First, an important note. This content is for Bot Builder SDK v4 which is, at the time of writing this, in pre-release.

In preparing for some upcoming presentations on Creating Bots, I’m upgrading a bot from Bot Builder SDK v3 to v4. It’s new so there isn’t a ton of documentation or samples out there. But if you are building bots for Azure, now is the time to start learning about v4. It’s quite different than the predecessor.

With the old version, you could use the FormFlow feature to easily create “forms” that would gather information needed by the bot to accomplish a task. Consider that if a bot is taking a pizza order, it would need to ask the customer what kind of pizza, what size, find out about side orders and drinks, etc. We had access to the FormBuilder to easily compose a set of prompts to gather the data. Well, in v4, the FormFlow is gone. That’s ok, the new Bot Builder Framework is better Smile.

Again, I am still learning about the new version of the framework and I won’t begin to explain it all here. I found most of the docs very helpful and it was pretty easy to get going. And of course, you can see the source code for the framework on github. However, when it came to providing choices for the user, I couldn’t quite figure it out. I reached out for some help (being a Microsoft MVP has its privileges) and Gary Pretty came to the rescue, pointing me to a sample here. While that sample was helpful, I’ll provide more of an explanation.

So, here is the part about how it works…

The full solution is on github, check it out if you want.

The replacement for the FormFlow is to use a DialogContainer with a list of WaterfallSteps. You can then add a waterfall step for each question you want the user to answer. The questions are asked with the help of a prompt. There are prompts to collect text, numbers, dates, and more. I want to prompt the user to pick an item from a list, so I use the ChoicePrompt. In the constructor of the DialogContainer I have created a prompt:

    var auto = new ChoicePrompt(Culture.English) { Style = ListStyle.Auto };
    Dialogs.Add("auto", auto);

I’ve set the ListStyle to Auto. I’ll get into more detail on that later.

In my constructor I have a list of choices (List<Choice>) and ChoicePromptOptions which wrap the choices and a few other properties including the RetryPromptString.

    var choices = new List<Choice>();
    choices.Add(new Choice { Value = "Plain Pizza", Synonyms = new List<string> { "plain" } });
    choices.Add(new Choice { Value = "Pizza with Pepperoni", Synonyms = new List<string> { "4 Day", "workshop", "full" } });
    choices.Add(new Choice { Value = "Pizza with Mushrooms", Synonyms = new List<string> { "mushroom", "mushrooms", "shrooms" } });
    choices.Add(new Choice { Value = "Pizza with Peppers, Mushrooms and Brocolli", Synonyms = new List<string> { "vegtable", "veggie" } });
    choices.Add(new Choice { Value = "Pizza with Anchovies" });

    _choicePromptOptions = new ChoicePromptOptions { Choices = choices, RetryPromptString = "Sorry, that isn't on the list. Please pick again."};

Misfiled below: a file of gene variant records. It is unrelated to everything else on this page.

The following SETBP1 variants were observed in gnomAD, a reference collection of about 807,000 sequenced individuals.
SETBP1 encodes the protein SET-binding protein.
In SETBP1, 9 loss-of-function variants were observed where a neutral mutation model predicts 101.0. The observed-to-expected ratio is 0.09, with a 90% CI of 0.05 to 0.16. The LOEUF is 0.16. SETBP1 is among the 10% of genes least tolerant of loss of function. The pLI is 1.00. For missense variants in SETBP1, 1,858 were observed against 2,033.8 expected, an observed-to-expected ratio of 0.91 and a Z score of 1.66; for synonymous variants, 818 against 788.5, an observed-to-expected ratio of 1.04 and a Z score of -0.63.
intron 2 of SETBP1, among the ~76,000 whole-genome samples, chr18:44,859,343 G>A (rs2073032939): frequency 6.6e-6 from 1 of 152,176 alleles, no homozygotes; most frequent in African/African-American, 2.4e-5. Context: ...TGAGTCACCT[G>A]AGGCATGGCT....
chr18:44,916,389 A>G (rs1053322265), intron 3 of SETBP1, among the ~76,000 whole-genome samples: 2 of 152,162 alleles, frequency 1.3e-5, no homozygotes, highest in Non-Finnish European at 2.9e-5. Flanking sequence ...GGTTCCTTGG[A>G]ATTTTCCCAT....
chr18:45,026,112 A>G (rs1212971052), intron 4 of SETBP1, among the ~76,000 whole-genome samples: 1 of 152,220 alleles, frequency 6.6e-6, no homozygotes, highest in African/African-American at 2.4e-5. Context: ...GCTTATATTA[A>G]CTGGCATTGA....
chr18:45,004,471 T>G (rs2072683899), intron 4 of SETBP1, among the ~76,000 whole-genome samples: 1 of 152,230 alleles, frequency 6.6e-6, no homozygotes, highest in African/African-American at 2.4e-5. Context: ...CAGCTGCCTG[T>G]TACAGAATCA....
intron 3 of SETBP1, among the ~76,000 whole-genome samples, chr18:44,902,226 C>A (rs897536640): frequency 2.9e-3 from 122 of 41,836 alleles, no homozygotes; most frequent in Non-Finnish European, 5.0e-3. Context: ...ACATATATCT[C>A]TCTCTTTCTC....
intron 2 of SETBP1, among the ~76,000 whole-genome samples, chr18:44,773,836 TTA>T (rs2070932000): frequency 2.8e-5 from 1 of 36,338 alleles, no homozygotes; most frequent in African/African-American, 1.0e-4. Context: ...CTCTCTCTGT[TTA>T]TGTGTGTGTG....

I also created a WaterFallStep which is really just a method that looks like this:

    private async Task AutoPrompt(DialogContext dc, IDictionary<string, object> args, SkipStepFunction next)
        await dc.Prompt("auto", "What kind of Pizza would you like?", _choicePromptOptions);

Note that here I am telling the DialogContext to show the ChoicePrompt (referring to it by name “auto”), I supply text (“What kind of pizza…”) and the ChoicePromptOptions. This means I can reuse the prompt by providing different text and choices if I want to.

Back in my constructor, I add that waterfall step to my Dialogs collection:

    Dialogs.Add(Id, new WaterfallStep[]

Check it out, it works! Here are some screen shots from the emulator:



More Options

While we are here, let’s get into some other settings.

First there are the list style options:



Prompt Style Samples

I used Auto before, you can see the result above.

Here is a sample using Inline


List looks a lot like auto right? (I think Auto will change depending on the channel for your bot. List is just a list.


As the name suggests, None doesn’t provide any prompts at all.


Lastly, here is SuggestedAction. It provides a list of buttons for the user to click. Depending on your situation this can be a great option.



Also the RetryPromptString allows you to provide text to display if the user enters a value that doesn’t match up to one of the provided options. Note that if you don’t supply a RetryPromptString and in response to the pizza question, a user enters “hot dog”, the bot won’t react well. In my full sample code I have multiple WaterfallSteps and if a user enters an incorrect response, the bot resets the steps and starts from the beginning. Including RetryPromptString let’s the bot ask again and everything works out.

There are other ChoiceOptions for a ChoicePrompt. You can specify if the numbers should be displayed alongside the list items and customize character used to separate the items in the list such as using a comma or pipe.


User Input

The cool part about this is that regardless of which option you use, the user can respond in a variety of ways.

  • For any of these options, the user can simply enter a “3” to indicate “Pizza with Mushrooms”.
  • Users can also input “Pizza with Mushrooms” to select that option.
  • User can also input “mushroom” and get the right selection. That’s because I provided Synonyms for most of the choices. This is a really cool feature.
  • Interestingly, using a number, the text or a synonym all work for the None prompt as well.
  • And Of course, for the SuggestedAction type, users can click the button.

If you want to see all of the code, you can get it on github. I’ve created a sample that includes all of the prompts.




One thought on “Bot Builder SDK: Prompting a user with choices

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